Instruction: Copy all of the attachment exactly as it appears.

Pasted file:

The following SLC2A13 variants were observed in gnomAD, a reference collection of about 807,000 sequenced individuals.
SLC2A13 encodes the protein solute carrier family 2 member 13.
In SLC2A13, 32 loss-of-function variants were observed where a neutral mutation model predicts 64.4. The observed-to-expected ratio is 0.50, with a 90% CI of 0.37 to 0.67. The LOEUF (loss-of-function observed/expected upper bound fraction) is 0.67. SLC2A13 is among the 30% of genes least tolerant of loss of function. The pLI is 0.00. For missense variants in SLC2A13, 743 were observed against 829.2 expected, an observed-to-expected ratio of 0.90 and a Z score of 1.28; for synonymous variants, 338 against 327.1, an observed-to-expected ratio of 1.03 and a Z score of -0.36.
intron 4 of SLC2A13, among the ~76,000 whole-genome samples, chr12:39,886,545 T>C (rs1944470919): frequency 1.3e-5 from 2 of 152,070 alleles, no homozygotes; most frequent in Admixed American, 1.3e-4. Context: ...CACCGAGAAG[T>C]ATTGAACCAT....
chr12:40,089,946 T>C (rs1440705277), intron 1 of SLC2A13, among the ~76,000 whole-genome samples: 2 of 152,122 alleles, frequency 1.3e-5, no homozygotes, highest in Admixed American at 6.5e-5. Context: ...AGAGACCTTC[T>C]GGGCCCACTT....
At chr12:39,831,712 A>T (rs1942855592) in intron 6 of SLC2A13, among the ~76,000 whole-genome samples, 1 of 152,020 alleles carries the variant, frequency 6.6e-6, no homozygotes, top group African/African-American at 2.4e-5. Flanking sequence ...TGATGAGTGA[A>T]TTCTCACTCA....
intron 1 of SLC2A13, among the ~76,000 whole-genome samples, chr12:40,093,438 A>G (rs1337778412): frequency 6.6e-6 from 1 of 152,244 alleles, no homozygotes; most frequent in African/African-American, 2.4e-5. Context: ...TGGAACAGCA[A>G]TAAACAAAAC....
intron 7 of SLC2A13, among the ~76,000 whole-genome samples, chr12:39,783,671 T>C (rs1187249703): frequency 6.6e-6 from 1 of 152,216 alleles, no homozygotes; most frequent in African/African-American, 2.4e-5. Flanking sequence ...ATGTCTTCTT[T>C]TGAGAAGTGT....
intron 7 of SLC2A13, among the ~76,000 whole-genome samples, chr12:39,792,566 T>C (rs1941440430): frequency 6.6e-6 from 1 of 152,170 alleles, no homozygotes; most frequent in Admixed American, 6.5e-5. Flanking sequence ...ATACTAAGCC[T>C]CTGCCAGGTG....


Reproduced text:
The following SLC2A13 variants were observed in gnomAD, a reference collection of about 807,000 sequenced individuals.
SLC2A13 encodes the protein solute carrier family 2 member 13.
In SLC2A13, 32 loss-of-function variants were observed where a neutral mutation model predicts 64.4. The observed-to-expected ratio is 0.50, with a 90% CI of 0.37 to 0.67. The LOEUF (loss-of-function observed/expected upper bound fraction) is 0.67. SLC2A13 is among the 30% of genes least tolerant of loss of function. The pLI is 0.00. For missense variants in SLC2A13, 743 were observed against 829.2 expected, an observed-to-expected ratio of 0.90 and a Z score of 1.28; for synonymous variants, 338 against 327.1, an observed-to-expected ratio of 1.03 and a Z score of -0.36.
intron 4 of SLC2A13, among the ~76,000 whole-genome samples, chr12:39,886,545 T>C (rs1944470919): frequency 1.3e-5 from 2 of 152,070 alleles, no homozygotes; most frequent in Admixed American, 1.3e-4. Context: ...CACCGAGAAG[T>C]ATTGAACCAT....
chr12:40,089,946 T>C (rs1440705277), intron 1 of SLC2A13, among the ~76,000 whole-genome samples: 2 of 152,122 alleles, frequency 1.3e-5, no homozygotes, highest in Admixed American at 6.5e-5. Context: ...AGAGACCTTC[T>C]GGGCCCACTT....
At chr12:39,831,712 A>T (rs1942855592) in intron 6 of SLC2A13, among the ~76,000 whole-genome samples, 1 of 152,020 alleles carries the variant, frequency 6.6e-6, no homozygotes, top group African/African-American at 2.4e-5. Flanking sequence ...TGATGAGTGA[A>T]TTCTCACTCA....
intron 1 of SLC2A13, among the ~76,000 whole-genome samples, chr12:40,093,438 A>G (rs1337778412): frequency 6.6e-6 from 1 of 152,244 alleles, no homozygotes; most frequent in African/African-American, 2.4e-5. Context: ...TGGAACAGCA[A>G]TAAACAAAAC....
intron 7 of SLC2A13, among the ~76,000 whole-genome samples, chr12:39,783,671 T>C (rs1187249703): frequency 6.6e-6 from 1 of 152,216 alleles, no homozygotes; most frequent in African/African-American, 2.4e-5. Flanking sequence ...ATGTCTTCTT[T>C]TGAGAAGTGT....
intron 7 of SLC2A13, among the ~76,000 whole-genome samples, chr12:39,792,566 T>C (rs1941440430): frequency 6.6e-6 from 1 of 152,170 alleles, no homozygotes; most frequent in Admixed American, 6.5e-5. Flanking sequence ...ATACTAAGCC[T>C]CTGCCAGGTG....